Jody Miles

Jody Miles, co-founder and co-director of Earth’s Classroom in Rosebud, attended a three-day Climate Reality conference last March and has a presentation on the latest data directly from NASA, NOAA and others that she wants to share with the public, particularly with middle and high school students.

If you have ever heard someone wonder, on a really frigid day or stretch of days here in Franklin County, “What ever happened to that global warming?” Jody Miles has an explanation for you.

Speaking to science students at Washington High School this past November, Miles, who has operated Earth’s Classroom, the outdoor experiential learning center in Rosebud, alongside her husband, Bill, for the last 20 years, described it this way:

“Our cold air is starting to move to different places on the Planet Earth because the Polar Vortex is not that cold anymore, holding it in place. It is actually becoming weaker and sliding down on to the sides,” she said.

“The jet stream is becoming wavier. It is progressively, slowly raising the chances for long-term duration of extreme events, like droughts, floods or heat waves . . . and on top of that, instead of taking storms from west to east, it’s starting to spin . . . so whatever weather is here is going to happen here for a very long time instead of moving on. That’s why we get prolonged droughts or prolonged rain events.”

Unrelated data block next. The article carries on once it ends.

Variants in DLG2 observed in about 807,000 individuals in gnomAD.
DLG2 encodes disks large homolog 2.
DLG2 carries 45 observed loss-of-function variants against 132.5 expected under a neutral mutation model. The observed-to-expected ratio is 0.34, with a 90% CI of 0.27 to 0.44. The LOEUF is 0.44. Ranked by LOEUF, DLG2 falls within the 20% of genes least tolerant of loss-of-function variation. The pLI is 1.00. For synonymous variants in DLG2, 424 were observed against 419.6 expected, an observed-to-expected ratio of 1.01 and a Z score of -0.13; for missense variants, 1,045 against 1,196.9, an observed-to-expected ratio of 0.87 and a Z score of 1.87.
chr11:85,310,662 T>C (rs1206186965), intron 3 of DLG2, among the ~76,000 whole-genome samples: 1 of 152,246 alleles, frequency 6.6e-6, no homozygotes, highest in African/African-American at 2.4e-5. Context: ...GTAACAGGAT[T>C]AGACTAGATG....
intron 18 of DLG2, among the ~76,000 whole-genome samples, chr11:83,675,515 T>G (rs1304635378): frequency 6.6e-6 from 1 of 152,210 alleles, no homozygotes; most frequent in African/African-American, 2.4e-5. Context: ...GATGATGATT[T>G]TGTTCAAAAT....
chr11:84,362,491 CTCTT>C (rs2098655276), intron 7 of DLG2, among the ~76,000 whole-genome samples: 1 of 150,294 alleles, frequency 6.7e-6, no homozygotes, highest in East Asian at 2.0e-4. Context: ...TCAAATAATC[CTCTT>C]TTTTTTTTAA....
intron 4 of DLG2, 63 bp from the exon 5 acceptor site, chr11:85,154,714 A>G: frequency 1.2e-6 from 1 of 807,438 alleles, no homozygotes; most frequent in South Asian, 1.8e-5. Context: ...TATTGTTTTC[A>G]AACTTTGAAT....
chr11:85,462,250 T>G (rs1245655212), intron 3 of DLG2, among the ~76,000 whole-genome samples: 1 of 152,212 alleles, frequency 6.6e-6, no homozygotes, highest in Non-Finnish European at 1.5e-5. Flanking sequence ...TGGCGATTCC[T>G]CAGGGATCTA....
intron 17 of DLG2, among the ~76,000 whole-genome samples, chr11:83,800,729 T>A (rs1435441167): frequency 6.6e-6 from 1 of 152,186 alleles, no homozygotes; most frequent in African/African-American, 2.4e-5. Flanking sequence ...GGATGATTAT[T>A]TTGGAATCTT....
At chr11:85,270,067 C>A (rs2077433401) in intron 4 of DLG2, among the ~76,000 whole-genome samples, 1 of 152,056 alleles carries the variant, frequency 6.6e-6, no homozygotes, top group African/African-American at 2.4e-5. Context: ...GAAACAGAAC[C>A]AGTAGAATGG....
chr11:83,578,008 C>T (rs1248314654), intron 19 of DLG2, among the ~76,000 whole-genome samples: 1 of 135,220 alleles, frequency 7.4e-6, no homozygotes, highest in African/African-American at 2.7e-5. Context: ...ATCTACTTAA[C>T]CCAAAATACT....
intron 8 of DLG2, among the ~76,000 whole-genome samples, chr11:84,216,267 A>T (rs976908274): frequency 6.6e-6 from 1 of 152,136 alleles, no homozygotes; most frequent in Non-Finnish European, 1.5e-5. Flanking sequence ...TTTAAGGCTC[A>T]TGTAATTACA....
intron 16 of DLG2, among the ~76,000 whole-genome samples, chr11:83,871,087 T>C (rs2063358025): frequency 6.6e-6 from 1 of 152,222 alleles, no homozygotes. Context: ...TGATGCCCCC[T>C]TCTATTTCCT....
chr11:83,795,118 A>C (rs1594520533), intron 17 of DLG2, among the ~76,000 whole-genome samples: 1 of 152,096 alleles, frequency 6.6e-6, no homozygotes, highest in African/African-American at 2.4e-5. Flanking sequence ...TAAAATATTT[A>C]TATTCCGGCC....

Miles, who has been a “science and nature geek” since she was a child and earned a degree in natural history outdoor education from Northland College in Wisconsin, was able to share the latest data and information on Earth’s climate science with the WHS students after attending a three-day climate science certification workshop with NASA and NOAA atmospheric scientists in Atlanta, Ga., last March.

She and her teenage son, Willow, were among 2,000 people invited to attend the Climate Reality conference, where they received more than 500 slides of data information for them to share with the public.

Since then, Miles has given presentation on what she learned at the conference to several groups, including at the Missouri Natural Resource Conference. In September, she will present it to a group of garden clubs meeting in Owensville for a multi-day conference.

A full presentation of the data runs around 2 1/2 hours long, but Miles trimmed that to a 45-minute presentation that she shared Nov. 21 with each of the science classes at WHS, around 1,100 students total.

That presentation posed three questions:

1. Do we need to make a change?

2. Can we change?

3. Will we change?

Using facts and figures, Miles explained the information in common sense terms.

“Let’s go over heat,” she said to the WHS students. “Heat wants to travel over whatever it’s heating. You take a cast iron skillet and put it on the stovetop, that heat wants to travel up the handle, because heat flows, heat moves.

“It’s the same thing here. When the planet Earth is getting bombarded at the Equator with the most direct solar energy, that energy wants to transfer around the whole world. So does the cold air at the top. It wants to move,” she explained. “That’s what creates our very dynamic winds, our jet stream, our ocean currents that we are used to. Some of them have been in place, traveling for thousands of years in the same exact way.

“If we increase by 1 degree Celsius at the Equator, we actually increase three times hotter at the poles, because as soon as ice melts . . . all of the sudden dark colors start to show, like the land and the water. It starts heating three times faster at the Pole than the Equator.